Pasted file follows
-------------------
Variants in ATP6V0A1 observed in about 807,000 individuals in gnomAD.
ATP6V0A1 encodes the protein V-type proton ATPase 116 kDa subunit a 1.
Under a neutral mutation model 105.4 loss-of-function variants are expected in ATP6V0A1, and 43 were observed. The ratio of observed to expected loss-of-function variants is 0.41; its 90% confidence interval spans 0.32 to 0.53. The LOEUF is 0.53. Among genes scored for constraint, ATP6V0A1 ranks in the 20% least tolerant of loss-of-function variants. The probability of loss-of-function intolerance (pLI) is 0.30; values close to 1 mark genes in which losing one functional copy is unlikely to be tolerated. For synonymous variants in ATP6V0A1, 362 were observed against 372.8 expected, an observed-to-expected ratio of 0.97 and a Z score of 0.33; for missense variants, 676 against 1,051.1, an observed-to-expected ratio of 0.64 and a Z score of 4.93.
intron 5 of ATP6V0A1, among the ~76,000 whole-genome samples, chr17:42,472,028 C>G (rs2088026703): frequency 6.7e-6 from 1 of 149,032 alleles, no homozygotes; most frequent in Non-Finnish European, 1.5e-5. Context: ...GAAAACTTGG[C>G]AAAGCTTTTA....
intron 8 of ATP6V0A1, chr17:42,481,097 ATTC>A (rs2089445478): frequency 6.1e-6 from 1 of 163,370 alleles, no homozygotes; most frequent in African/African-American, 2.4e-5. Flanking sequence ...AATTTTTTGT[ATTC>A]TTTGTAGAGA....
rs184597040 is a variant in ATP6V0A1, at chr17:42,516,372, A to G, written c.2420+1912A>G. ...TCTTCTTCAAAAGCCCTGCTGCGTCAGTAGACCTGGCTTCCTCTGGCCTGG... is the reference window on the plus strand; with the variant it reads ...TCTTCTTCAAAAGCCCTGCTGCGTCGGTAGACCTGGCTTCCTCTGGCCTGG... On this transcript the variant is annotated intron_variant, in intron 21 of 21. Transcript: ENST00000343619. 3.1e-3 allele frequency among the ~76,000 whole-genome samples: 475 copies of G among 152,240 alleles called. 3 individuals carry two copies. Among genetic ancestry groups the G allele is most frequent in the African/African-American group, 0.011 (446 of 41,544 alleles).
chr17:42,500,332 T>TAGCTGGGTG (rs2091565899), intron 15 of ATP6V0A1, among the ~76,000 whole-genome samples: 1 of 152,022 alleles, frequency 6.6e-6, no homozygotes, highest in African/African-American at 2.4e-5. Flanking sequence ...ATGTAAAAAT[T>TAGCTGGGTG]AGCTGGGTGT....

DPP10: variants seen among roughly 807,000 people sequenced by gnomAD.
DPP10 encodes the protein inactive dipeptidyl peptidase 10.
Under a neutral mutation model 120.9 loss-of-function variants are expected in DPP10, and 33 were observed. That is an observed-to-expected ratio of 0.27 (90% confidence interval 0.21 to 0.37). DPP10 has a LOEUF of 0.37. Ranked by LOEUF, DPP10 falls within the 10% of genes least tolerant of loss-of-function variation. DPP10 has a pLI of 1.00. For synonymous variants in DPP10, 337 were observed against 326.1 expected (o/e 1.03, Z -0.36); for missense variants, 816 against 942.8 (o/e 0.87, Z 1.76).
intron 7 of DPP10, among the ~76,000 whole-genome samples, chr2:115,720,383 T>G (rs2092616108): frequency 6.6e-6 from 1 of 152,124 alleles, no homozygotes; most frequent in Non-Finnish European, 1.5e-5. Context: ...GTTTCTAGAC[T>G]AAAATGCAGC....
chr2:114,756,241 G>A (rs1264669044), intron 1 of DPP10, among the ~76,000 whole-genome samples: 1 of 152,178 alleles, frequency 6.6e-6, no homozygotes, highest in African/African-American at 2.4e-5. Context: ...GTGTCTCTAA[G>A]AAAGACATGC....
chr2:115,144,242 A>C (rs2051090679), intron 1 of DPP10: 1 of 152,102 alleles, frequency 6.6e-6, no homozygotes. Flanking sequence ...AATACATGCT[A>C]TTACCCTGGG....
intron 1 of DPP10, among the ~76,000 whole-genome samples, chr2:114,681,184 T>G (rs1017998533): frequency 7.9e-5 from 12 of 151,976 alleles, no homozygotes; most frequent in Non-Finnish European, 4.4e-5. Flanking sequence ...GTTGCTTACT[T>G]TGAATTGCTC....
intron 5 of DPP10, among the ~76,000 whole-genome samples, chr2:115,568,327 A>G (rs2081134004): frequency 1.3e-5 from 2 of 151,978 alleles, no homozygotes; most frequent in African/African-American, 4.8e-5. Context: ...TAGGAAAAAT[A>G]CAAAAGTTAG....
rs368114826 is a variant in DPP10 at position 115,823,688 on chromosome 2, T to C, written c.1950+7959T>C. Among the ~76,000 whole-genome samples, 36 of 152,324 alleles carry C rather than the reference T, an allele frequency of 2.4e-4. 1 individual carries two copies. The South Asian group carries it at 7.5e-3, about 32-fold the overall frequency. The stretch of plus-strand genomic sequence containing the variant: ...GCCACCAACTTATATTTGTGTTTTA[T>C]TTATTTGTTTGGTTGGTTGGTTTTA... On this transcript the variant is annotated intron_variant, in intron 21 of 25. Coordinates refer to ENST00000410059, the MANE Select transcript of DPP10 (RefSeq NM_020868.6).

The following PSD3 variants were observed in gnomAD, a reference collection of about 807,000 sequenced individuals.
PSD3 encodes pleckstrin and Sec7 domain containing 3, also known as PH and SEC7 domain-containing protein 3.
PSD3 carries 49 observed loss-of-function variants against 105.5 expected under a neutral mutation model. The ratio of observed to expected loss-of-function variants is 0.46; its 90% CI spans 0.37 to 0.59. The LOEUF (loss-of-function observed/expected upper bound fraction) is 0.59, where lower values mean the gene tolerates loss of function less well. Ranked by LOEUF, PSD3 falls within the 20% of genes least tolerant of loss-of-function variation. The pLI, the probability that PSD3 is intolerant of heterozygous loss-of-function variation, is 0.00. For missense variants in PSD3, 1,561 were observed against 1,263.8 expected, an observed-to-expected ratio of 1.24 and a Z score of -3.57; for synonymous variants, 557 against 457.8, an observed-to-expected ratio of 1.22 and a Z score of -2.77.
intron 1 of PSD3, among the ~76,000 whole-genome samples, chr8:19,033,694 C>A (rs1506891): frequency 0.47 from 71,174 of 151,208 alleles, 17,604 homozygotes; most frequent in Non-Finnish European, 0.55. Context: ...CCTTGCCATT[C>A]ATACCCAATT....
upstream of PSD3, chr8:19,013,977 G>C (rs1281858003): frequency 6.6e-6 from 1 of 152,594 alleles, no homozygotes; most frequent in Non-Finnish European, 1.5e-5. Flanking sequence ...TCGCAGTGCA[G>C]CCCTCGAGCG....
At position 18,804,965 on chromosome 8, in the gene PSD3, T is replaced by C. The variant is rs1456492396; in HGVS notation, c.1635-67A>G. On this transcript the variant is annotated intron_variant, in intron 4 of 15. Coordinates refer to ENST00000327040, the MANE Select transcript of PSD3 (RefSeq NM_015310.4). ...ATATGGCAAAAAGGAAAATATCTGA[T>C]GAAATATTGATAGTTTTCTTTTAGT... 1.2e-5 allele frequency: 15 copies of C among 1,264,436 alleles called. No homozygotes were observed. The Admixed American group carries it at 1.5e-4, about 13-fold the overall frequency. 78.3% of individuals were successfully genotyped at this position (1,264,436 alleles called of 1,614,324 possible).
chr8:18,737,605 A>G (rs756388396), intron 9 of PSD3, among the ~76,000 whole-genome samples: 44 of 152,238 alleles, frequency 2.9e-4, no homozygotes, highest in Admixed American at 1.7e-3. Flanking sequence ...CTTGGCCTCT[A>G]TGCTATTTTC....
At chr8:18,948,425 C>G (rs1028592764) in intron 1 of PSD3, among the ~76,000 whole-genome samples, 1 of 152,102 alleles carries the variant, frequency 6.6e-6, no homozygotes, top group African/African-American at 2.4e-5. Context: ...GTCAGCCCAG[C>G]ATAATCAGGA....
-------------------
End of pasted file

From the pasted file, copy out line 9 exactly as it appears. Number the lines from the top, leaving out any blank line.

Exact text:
DPP10 encodes the protein inactive dipeptidyl peptidase 10.